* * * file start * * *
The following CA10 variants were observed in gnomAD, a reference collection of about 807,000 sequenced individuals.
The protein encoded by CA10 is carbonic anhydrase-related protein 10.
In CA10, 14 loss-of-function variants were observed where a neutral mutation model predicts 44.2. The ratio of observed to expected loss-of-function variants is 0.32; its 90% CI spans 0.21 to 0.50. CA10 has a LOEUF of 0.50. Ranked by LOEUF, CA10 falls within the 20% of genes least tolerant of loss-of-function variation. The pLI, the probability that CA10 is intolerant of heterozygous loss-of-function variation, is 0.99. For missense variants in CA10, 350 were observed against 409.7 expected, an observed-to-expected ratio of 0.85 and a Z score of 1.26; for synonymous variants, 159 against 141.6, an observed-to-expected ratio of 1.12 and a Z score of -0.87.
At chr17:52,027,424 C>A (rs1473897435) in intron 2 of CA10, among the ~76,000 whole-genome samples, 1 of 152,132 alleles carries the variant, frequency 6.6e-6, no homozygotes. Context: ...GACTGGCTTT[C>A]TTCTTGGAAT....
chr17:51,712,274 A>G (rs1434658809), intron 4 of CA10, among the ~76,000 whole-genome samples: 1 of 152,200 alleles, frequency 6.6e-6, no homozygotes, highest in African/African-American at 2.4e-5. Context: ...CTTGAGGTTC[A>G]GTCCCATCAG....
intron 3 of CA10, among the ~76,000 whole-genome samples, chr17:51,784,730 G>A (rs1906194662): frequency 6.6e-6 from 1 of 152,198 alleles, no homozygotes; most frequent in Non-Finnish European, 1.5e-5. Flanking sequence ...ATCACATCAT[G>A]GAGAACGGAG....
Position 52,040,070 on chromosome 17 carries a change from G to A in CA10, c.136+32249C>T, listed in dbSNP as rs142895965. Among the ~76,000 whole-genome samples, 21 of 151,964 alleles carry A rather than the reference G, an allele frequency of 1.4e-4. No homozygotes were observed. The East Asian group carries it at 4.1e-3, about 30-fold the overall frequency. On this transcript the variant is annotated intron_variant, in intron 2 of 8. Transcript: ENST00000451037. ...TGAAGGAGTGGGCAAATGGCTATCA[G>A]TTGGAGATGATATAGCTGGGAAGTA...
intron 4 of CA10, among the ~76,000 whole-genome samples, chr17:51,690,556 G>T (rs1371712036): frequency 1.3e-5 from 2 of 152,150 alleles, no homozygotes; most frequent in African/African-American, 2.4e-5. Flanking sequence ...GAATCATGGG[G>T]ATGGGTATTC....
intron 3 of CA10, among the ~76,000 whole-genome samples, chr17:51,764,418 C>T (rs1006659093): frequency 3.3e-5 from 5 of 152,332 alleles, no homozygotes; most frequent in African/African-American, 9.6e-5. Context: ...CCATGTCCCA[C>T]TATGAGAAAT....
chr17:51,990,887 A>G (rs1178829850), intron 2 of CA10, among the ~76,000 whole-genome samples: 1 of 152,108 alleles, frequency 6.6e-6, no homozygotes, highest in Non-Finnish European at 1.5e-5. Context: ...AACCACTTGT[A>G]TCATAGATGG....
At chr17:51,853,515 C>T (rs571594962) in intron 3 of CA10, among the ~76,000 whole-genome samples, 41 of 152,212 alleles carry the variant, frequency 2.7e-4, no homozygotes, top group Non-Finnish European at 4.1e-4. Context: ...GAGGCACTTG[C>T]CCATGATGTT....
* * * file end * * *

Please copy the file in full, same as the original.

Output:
The following CA10 variants were observed in gnomAD, a reference collection of about 807,000 sequenced individuals.
The protein encoded by CA10 is carbonic anhydrase-related protein 10.
In CA10, 14 loss-of-function variants were observed where a neutral mutation model predicts 44.2. The ratio of observed to expected loss-of-function variants is 0.32; its 90% CI spans 0.21 to 0.50. CA10 has a LOEUF of 0.50. Ranked by LOEUF, CA10 falls within the 20% of genes least tolerant of loss-of-function variation. The pLI, the probability that CA10 is intolerant of heterozygous loss-of-function variation, is 0.99. For missense variants in CA10, 350 were observed against 409.7 expected, an observed-to-expected ratio of 0.85 and a Z score of 1.26; for synonymous variants, 159 against 141.6, an observed-to-expected ratio of 1.12 and a Z score of -0.87.
At chr17:52,027,424 C>A (rs1473897435) in intron 2 of CA10, among the ~76,000 whole-genome samples, 1 of 152,132 alleles carries the variant, frequency 6.6e-6, no homozygotes. Context: ...GACTGGCTTT[C>A]TTCTTGGAAT....
chr17:51,712,274 A>G (rs1434658809), intron 4 of CA10, among the ~76,000 whole-genome samples: 1 of 152,200 alleles, frequency 6.6e-6, no homozygotes, highest in African/African-American at 2.4e-5. Context: ...CTTGAGGTTC[A>G]GTCCCATCAG....
intron 3 of CA10, among the ~76,000 whole-genome samples, chr17:51,784,730 G>A (rs1906194662): frequency 6.6e-6 from 1 of 152,198 alleles, no homozygotes; most frequent in Non-Finnish European, 1.5e-5. Flanking sequence ...ATCACATCAT[G>A]GAGAACGGAG....
Position 52,040,070 on chromosome 17 carries a change from G to A in CA10, c.136+32249C>T, listed in dbSNP as rs142895965. Among the ~76,000 whole-genome samples, 21 of 151,964 alleles carry A rather than the reference G, an allele frequency of 1.4e-4. No homozygotes were observed. The East Asian group carries it at 4.1e-3, about 30-fold the overall frequency. On this transcript the variant is annotated intron_variant, in intron 2 of 8. Transcript: ENST00000451037. ...TGAAGGAGTGGGCAAATGGCTATCA[G>A]TTGGAGATGATATAGCTGGGAAGTA...
intron 4 of CA10, among the ~76,000 whole-genome samples, chr17:51,690,556 G>T (rs1371712036): frequency 1.3e-5 from 2 of 152,150 alleles, no homozygotes; most frequent in African/African-American, 2.4e-5. Flanking sequence ...GAATCATGGG[G>T]ATGGGTATTC....
intron 3 of CA10, among the ~76,000 whole-genome samples, chr17:51,764,418 C>T (rs1006659093): frequency 3.3e-5 from 5 of 152,332 alleles, no homozygotes; most frequent in African/African-American, 9.6e-5. Context: ...CCATGTCCCA[C>T]TATGAGAAAT....
chr17:51,990,887 A>G (rs1178829850), intron 2 of CA10, among the ~76,000 whole-genome samples: 1 of 152,108 alleles, frequency 6.6e-6, no homozygotes, highest in Non-Finnish European at 1.5e-5. Context: ...AACCACTTGT[A>G]TCATAGATGG....
At chr17:51,853,515 C>T (rs571594962) in intron 3 of CA10, among the ~76,000 whole-genome samples, 41 of 152,212 alleles carry the variant, frequency 2.7e-4, no homozygotes, top group Non-Finnish European at 4.1e-4. Context: ...GAGGCACTTG[C>T]CCATGATGTT....